Monday, June 15, 2009

Bath Street show, TJ McNamara writes

New Zealand Herald, June 13

Harvey Benge, whose work is at the Bath Street Gallery, is a photographer who goes about the world recording what his alert and trained eye sees. Usually his work is published in books but for the festival the gallery is showing a large frieze originally commissioned by Dunedin Art Gallery.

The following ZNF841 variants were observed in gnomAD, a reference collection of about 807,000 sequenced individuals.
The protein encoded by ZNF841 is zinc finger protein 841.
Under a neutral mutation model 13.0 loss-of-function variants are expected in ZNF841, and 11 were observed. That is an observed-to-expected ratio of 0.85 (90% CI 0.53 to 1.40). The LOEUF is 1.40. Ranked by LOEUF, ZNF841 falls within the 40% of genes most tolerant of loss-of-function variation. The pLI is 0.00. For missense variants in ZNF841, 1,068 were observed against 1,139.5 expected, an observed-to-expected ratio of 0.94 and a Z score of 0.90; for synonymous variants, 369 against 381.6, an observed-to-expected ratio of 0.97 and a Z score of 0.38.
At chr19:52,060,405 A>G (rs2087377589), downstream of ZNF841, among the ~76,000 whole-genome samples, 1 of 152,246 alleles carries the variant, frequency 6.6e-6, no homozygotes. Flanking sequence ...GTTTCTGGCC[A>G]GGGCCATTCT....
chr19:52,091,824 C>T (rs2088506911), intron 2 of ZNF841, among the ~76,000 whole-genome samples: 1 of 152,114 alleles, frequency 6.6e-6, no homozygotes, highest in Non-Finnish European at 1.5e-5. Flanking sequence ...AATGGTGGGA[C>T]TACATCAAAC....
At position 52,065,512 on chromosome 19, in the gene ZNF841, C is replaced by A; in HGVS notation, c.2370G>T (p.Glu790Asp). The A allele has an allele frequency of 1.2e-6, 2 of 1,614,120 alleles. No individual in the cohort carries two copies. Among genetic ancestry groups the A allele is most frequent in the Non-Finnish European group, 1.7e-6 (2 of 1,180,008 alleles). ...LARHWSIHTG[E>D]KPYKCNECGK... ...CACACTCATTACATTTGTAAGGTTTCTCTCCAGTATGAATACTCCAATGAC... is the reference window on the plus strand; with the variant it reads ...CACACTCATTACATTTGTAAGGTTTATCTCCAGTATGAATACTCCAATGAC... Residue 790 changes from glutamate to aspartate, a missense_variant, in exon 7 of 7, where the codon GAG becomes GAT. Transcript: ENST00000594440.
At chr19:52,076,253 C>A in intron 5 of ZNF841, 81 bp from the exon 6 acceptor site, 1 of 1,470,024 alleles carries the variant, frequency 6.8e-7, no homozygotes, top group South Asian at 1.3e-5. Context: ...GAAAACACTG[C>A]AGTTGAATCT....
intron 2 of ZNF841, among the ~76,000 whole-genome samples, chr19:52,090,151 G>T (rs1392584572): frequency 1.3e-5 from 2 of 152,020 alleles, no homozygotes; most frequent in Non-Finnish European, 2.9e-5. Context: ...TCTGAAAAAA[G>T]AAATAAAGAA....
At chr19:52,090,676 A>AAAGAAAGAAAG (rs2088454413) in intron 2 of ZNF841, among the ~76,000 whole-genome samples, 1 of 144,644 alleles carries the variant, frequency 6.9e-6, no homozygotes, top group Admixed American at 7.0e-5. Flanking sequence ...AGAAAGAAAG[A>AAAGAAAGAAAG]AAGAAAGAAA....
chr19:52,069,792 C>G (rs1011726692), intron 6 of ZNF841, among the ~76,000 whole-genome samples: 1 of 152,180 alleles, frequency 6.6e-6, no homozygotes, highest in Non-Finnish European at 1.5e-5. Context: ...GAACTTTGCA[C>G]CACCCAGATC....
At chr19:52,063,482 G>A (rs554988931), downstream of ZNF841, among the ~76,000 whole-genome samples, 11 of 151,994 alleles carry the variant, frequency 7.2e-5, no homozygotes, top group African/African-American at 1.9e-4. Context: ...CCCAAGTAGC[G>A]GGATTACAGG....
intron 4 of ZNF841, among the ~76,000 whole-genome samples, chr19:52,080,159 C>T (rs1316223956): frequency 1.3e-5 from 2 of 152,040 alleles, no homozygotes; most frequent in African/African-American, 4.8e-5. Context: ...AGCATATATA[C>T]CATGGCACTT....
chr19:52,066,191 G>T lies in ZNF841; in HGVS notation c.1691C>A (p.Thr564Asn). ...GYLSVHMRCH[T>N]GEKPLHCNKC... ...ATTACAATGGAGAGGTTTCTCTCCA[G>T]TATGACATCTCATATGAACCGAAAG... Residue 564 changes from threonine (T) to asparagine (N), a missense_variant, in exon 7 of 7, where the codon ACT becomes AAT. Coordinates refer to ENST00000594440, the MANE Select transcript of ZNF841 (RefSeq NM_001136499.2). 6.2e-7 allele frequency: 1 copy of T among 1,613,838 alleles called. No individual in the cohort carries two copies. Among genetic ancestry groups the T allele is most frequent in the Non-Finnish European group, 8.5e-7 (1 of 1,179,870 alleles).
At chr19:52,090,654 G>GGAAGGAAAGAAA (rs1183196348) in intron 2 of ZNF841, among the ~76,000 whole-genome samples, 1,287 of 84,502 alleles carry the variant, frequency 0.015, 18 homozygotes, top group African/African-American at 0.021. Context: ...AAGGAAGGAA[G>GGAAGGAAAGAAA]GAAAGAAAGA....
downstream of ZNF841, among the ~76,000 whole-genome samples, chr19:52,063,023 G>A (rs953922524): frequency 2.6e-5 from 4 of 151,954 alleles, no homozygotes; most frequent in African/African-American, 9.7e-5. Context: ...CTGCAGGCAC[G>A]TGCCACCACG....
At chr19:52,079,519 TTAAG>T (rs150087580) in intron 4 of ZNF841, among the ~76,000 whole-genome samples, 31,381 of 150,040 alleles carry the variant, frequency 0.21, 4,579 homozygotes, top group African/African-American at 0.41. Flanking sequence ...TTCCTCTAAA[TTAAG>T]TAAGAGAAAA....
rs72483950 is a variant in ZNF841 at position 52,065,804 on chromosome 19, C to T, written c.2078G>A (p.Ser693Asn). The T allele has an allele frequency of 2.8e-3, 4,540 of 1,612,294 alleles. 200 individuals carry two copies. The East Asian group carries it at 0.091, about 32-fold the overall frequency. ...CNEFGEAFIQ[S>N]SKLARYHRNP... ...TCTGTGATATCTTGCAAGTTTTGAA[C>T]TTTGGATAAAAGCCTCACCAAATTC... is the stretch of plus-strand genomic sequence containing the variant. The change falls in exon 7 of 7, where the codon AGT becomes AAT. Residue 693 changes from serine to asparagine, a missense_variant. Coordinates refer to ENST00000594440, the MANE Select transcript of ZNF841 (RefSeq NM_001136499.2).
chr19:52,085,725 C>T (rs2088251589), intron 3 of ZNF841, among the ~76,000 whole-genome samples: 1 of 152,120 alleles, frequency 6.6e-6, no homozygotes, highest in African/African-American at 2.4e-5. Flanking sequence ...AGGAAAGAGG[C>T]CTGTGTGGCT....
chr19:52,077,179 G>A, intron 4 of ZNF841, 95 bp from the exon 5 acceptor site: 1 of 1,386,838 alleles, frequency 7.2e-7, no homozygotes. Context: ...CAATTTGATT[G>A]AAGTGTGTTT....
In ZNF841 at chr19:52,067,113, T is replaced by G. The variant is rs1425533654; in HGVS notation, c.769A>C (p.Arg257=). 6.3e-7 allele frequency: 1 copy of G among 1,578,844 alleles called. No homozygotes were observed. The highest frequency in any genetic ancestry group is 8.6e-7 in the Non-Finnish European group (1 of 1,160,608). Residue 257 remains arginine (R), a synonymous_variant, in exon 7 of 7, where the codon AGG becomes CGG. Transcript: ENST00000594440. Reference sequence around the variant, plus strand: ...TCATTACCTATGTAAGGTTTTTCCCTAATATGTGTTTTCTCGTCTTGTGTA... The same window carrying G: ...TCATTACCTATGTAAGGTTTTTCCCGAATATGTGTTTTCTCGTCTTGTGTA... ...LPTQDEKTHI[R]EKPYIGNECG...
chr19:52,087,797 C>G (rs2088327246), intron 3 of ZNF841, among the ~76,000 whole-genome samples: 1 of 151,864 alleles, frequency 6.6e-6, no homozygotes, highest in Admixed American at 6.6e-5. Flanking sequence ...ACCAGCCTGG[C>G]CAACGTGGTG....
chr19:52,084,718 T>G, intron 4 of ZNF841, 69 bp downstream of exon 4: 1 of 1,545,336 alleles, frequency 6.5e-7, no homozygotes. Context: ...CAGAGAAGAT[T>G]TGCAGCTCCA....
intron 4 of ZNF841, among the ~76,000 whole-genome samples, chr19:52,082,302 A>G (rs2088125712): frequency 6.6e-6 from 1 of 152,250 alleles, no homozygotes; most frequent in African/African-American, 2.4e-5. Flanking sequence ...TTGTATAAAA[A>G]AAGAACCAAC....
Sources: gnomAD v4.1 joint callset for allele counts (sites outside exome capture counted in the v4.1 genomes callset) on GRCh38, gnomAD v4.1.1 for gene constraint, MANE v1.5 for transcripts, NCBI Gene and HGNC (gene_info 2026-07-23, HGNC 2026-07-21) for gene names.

This spectacular work, which occupies one long wall, is made of 240 A3-sized digital prints with few repetitions. In his travels the artist has spotted many things often paradoxically juxtaposed. Bikes and rubbish, a luxurious swimming pool and mountains beyond, a single cloud in a blue sky, airports, an advertisement for a porn theatre, crowds at the Louvre, sex shops and soap. It shows the variety of the world from sleaze to domesticity and it is held together by bright tones of red as accents. One of the most attractive photographs is simply colourful plastic pegs on a lawn strewn with autumn leaves. Certainly the effect of this huge endeavour is greater than the sum of its parts. The show is accompanied by bigger photographs which seem much more conventional by comparison although each has a small, disturbing quirk. Sculptural plaster of Paris hands are rendered strange by the layer of dust on them and a tidy image of a blond woman viewed from behind is given a little spin in the oblique glimpse of a piercing through her lower lip.

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